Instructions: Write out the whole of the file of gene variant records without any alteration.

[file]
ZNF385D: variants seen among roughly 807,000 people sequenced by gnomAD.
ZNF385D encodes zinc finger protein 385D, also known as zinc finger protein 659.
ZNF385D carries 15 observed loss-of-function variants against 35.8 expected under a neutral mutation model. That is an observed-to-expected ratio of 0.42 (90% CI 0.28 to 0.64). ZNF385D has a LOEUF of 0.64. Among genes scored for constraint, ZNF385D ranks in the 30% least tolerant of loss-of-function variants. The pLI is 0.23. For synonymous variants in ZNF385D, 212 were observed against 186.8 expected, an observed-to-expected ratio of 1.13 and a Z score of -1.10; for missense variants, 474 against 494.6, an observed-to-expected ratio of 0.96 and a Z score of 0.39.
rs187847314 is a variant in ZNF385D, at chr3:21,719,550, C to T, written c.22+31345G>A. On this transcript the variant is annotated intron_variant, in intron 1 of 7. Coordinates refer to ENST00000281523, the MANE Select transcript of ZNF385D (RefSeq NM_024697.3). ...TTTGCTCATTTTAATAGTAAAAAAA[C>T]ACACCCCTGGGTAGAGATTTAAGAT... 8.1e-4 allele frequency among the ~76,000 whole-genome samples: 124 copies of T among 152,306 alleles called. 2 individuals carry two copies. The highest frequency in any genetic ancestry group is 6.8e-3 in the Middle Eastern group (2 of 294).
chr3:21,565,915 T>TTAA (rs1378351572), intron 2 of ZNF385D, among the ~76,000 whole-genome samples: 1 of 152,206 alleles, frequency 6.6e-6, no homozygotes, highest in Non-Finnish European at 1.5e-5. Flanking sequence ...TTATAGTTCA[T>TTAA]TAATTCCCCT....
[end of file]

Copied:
ZNF385D: variants seen among roughly 807,000 people sequenced by gnomAD.
ZNF385D encodes zinc finger protein 385D, also known as zinc finger protein 659.
ZNF385D carries 15 observed loss-of-function variants against 35.8 expected under a neutral mutation model. That is an observed-to-expected ratio of 0.42 (90% CI 0.28 to 0.64). ZNF385D has a LOEUF of 0.64. Among genes scored for constraint, ZNF385D ranks in the 30% least tolerant of loss-of-function variants. The pLI is 0.23. For synonymous variants in ZNF385D, 212 were observed against 186.8 expected, an observed-to-expected ratio of 1.13 and a Z score of -1.10; for missense variants, 474 against 494.6, an observed-to-expected ratio of 0.96 and a Z score of 0.39.
rs187847314 is a variant in ZNF385D, at chr3:21,719,550, C to T, written c.22+31345G>A. On this transcript the variant is annotated intron_variant, in intron 1 of 7. Coordinates refer to ENST00000281523, the MANE Select transcript of ZNF385D (RefSeq NM_024697.3). ...TTTGCTCATTTTAATAGTAAAAAAA[C>T]ACACCCCTGGGTAGAGATTTAAGAT... 8.1e-4 allele frequency among the ~76,000 whole-genome samples: 124 copies of T among 152,306 alleles called. 2 individuals carry two copies. The highest frequency in any genetic ancestry group is 6.8e-3 in the Middle Eastern group (2 of 294).
chr3:21,565,915 T>TTAA (rs1378351572), intron 2 of ZNF385D, among the ~76,000 whole-genome samples: 1 of 152,206 alleles, frequency 6.6e-6, no homozygotes, highest in Non-Finnish European at 1.5e-5. Flanking sequence ...TTATAGTTCA[T>TTAA]TAATTCCCCT....